Feasibilty of Biocontrol for Evergreen Buckthorn
We were recently approached by Auckland Council (AC) to take a look at biocontrol options for evergreen buckthorn (Rhamnus alaternus), which is threatening coastal and offshore island native plant communities. This is another species that originates from North Africa, Asia, the Mediterranean and parts of Europe, but its weedy threat has been largely overlooked in the past because it has spread slowly relative to other plant pests.
Evergreen buckthorn is an attractive ornamental plant with, as its name suggests, thorns, and small, green, fragrant flowers that are pollinated primarily by insects. Once pollinated, the plant produces poisonous red berries. When ripe, the berries become attractive to birds, which transport the seed to new places.
“Rhamnus is a major weed of the inner Hauraki Gulf and we have an active control programme on Waiheke and Rakino Islands but it is often difficult to access the plants unless you have abseiling equipment,” said Holly Cox, who is a senior regional advisor for plant biosecurity at AC. “DOC is also managing the weed on Rangitoto and Motutapu Islands. But the problem is that it grows abundantly in people’s gardens along the coast of the Waitemata Harbour on the North Shore and eastern suburbs, which means that the birds can easily bring the seeds over to the islands,” Holly said. “We are looking at biocontrol as an option because in places it is really dense, dominating coastal cliff habitats, altering the ecology and limiting the opportunities for native plant recruitment,” Holly added.
Evergreen buckthorn can also be found in a number of other places around New Zealand from Northland to Otago, so it is very adaptable, growing at a range of altitudes and latitudes. The plants are drought tolerant, with a persistent seed bank that germinates quickly following fire, and are also frost resistant. These are all characteristics of competitive, invasive plants,” said Ronny Groenteman, who has been leading the feasiblity study.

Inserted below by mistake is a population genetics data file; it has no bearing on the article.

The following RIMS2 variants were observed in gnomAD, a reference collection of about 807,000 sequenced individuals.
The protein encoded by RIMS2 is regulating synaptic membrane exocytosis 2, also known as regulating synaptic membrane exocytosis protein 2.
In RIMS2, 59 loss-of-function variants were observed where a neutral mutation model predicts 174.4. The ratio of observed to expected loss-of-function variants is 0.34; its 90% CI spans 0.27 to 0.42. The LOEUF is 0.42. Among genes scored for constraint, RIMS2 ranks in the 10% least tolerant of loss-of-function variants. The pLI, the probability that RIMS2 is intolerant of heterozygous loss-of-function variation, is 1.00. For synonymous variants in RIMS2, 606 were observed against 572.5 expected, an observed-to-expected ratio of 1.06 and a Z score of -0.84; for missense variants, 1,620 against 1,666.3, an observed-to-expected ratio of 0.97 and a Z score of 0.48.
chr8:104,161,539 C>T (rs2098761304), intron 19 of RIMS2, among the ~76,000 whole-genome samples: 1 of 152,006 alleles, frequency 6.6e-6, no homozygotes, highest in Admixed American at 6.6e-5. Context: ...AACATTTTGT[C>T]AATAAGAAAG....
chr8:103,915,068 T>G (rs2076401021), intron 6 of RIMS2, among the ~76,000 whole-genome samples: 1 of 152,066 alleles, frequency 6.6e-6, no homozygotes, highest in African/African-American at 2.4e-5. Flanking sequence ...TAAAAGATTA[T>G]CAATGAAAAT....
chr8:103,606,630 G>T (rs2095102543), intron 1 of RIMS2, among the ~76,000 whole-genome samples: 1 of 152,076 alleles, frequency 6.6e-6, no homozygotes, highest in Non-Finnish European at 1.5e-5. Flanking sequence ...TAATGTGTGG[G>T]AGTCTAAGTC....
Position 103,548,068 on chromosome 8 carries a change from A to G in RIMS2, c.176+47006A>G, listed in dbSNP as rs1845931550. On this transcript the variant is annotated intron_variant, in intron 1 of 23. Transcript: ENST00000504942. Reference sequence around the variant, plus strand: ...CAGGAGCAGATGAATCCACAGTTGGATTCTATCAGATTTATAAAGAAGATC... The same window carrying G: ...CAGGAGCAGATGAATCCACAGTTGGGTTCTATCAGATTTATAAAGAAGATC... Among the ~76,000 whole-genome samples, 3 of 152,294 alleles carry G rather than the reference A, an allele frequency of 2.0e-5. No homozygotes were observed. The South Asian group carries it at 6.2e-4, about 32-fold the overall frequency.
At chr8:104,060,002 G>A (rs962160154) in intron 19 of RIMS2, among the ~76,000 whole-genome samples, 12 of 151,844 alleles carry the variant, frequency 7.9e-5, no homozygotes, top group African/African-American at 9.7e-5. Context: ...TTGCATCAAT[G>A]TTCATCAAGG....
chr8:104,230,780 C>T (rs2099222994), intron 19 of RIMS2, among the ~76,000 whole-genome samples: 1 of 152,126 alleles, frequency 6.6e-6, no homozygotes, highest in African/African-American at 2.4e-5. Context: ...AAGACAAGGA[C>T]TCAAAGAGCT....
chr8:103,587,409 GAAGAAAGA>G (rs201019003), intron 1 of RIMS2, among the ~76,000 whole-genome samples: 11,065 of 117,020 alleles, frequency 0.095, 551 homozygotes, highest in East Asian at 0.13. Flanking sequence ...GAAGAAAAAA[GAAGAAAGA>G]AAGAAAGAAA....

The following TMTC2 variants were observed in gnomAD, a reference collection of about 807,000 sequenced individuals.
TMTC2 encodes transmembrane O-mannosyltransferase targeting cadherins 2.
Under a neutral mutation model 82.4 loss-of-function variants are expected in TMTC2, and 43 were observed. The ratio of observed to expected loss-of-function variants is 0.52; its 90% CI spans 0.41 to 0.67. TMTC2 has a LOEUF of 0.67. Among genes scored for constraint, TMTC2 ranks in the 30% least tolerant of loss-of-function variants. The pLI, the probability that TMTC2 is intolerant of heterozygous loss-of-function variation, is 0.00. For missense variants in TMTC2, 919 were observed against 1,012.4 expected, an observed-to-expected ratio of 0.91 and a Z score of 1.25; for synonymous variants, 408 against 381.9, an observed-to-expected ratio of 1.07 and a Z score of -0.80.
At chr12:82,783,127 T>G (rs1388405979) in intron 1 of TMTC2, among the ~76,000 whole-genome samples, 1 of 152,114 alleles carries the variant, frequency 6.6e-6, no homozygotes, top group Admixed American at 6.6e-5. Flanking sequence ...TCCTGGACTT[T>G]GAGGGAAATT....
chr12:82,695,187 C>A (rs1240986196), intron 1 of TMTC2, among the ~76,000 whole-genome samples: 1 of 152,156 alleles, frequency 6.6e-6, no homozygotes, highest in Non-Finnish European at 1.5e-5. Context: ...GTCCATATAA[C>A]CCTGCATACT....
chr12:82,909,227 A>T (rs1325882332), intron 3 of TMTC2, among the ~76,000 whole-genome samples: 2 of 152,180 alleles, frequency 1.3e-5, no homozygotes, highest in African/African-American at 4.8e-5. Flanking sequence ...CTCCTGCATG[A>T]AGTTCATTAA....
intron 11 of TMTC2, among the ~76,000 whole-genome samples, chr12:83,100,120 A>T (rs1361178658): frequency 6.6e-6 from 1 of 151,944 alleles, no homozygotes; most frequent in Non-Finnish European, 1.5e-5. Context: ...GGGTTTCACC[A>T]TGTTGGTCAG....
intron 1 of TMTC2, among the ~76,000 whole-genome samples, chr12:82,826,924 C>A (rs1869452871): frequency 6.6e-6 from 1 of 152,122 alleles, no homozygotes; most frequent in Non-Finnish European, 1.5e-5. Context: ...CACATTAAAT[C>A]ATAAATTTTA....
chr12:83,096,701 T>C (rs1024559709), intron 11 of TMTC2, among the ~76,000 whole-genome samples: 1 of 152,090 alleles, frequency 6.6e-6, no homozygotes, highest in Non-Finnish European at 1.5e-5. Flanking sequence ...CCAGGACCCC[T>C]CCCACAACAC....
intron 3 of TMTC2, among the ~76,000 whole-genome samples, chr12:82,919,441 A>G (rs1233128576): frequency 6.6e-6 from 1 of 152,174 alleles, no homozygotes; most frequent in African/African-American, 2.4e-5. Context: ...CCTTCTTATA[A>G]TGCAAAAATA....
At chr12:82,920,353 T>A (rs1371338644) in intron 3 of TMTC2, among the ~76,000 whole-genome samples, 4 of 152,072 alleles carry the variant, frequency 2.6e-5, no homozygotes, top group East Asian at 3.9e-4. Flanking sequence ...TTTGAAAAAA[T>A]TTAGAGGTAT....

“In northern Spain, which has a similar climate to New Zealand, evergreen buckthorn grows from sea level to altitudes of 1300 m,” Ronny said. “There are several things that make evergreen buckthorn a good target for biocontrol, such as having no closely related indigenous species in New Zealand and not being a favoured ornamental plant. Also, it is a difficult plant to control using herbicide because it grows amongst native plants that are susceptible to the same chemicals. This is one of the main reasons that biocontrol is potentially the only cost-effective option for this plant in the longer term,” Ronny confirmed.
Biocontrol has been explored overseas for two other closely related buckthorn species, R. cathartica and Frangula alnus, which have become invasive in North America. However, because that part of the world has closely related native plants, no insect agents could be found that were sufficiently host-specific to use as biocontrol agents. Plant pathogens may yet offer some hope down the track. Several fungal pathogens have been isolated from Rhamnus species that could be possible candidates.
With respect to evergreen buckthorn, fourteen species of host-specific insects and one rust fungus have been reported in the literature, and dedicated surveys may well reveal more natural enemies. The potential of the pathogen and at least eight of the insects (including five species of psyllids, two butterflies and a gall midge) appear to be worth examining further.
Ronny considers evergreen buckthorn to be an ‘intermediate’ target in terms of predicting biocontrol impact but warns that it would likely be a relatively expensive target, given that the project would have to start from scratch. For such projects the cost of developing biocontrol agents is historically on average $475,000 per agent, and generally 2–3 agents are needed.
Ronny has identified a number of useful next steps. These include undertaking a baseline survey of natural enemies already present in New Zealand on evergreen buckthorn, including organisms that might disrupt a biocontrol programme, and a molecular study to pinpoint the exact geographic location that the New Zealand material originated from in order to inform native range surveys for potential agents. Another useful step would be to conduct a cost-benefit analysis of how different control options compare, including a ‘doing nothing’ approach. Ideally, this would consider future weed spread scenarios and include the economic impact of controlling the weed on offshore islands in the Hauraki Gulf that are managed as wildlife refuges.
This feasibility study was funded by Auckland Council.